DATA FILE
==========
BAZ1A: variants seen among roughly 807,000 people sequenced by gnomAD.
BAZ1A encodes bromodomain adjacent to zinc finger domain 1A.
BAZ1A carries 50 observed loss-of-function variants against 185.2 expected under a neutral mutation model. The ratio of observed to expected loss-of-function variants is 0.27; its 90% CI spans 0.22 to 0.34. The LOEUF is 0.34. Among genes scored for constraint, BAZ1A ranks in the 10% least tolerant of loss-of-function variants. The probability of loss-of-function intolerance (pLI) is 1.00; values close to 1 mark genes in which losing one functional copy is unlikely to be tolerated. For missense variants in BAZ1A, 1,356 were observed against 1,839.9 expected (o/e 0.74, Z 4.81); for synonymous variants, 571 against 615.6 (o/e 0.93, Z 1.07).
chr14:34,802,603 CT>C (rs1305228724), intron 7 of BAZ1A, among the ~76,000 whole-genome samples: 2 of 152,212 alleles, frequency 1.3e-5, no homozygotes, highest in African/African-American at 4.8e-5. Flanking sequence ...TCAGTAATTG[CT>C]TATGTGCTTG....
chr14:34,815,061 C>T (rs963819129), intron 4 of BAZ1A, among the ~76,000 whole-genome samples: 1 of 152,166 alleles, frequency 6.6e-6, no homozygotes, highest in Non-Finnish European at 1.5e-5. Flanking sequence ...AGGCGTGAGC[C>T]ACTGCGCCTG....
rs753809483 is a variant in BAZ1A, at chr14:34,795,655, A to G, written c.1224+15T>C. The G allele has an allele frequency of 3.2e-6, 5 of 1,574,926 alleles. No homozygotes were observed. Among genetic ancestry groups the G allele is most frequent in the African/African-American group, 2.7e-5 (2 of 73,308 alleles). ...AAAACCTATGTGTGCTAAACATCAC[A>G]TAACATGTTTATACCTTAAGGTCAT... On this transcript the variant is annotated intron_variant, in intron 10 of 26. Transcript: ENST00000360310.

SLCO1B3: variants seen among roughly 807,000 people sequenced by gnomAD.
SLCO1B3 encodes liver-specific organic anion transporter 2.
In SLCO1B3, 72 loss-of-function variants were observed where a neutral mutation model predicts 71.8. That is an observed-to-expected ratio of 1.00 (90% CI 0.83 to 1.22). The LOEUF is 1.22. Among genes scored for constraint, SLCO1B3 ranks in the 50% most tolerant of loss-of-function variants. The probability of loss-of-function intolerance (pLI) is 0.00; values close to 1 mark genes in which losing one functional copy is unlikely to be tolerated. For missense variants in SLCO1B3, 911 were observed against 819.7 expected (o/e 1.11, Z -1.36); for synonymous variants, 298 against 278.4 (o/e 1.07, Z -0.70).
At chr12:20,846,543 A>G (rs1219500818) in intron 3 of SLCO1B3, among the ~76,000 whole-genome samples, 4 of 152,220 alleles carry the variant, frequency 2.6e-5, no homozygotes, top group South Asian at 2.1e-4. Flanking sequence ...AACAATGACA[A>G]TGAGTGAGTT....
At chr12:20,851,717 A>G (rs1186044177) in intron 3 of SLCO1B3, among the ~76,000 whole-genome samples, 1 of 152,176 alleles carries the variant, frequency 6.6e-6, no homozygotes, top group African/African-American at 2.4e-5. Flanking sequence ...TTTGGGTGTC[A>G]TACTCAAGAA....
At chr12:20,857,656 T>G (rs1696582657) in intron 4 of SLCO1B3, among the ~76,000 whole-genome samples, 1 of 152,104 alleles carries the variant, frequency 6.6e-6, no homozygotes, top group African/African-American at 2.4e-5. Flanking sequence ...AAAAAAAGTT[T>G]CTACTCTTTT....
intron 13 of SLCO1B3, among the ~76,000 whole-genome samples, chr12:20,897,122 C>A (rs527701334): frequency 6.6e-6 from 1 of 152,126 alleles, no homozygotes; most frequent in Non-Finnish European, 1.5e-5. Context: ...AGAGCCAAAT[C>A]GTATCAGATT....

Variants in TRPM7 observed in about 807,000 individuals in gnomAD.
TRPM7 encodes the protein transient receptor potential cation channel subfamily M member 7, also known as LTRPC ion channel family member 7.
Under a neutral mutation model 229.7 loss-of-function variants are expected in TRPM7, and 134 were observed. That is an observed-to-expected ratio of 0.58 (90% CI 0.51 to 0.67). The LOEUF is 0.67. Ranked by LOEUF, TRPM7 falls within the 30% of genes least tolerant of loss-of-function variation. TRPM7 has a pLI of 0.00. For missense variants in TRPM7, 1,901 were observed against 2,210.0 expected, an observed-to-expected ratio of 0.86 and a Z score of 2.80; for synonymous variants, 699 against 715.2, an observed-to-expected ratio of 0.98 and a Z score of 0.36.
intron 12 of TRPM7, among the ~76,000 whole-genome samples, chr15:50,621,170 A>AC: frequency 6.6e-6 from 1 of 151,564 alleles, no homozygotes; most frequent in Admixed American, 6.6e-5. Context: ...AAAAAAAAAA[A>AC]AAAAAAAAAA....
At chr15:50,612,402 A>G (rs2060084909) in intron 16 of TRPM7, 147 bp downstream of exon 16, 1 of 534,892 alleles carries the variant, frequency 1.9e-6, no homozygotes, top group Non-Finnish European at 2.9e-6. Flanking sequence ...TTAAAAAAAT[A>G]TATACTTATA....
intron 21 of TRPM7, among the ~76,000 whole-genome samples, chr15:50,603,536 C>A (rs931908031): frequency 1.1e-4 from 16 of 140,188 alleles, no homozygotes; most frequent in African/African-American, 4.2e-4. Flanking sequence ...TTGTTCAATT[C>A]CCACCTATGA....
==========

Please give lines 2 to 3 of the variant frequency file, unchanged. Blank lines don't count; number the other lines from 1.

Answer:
BAZ1A encodes bromodomain adjacent to zinc finger domain 1A.
BAZ1A carries 50 observed loss-of-function variants against 185.2 expected under a neutral mutation model. The ratio of observed to expected loss-of-function variants is 0.27; its 90% CI spans 0.22 to 0.34. The LOEUF is 0.34. Among genes scored for constraint, BAZ1A ranks in the 10% least tolerant of loss-of-function variants. The probability of loss-of-function intolerance (pLI) is 1.00; values close to 1 mark genes in which losing one functional copy is unlikely to be tolerated. For missense variants in BAZ1A, 1,356 were observed against 1,839.9 expected (o/e 0.74, Z 4.81); for synonymous variants, 571 against 615.6 (o/e 0.93, Z 1.07).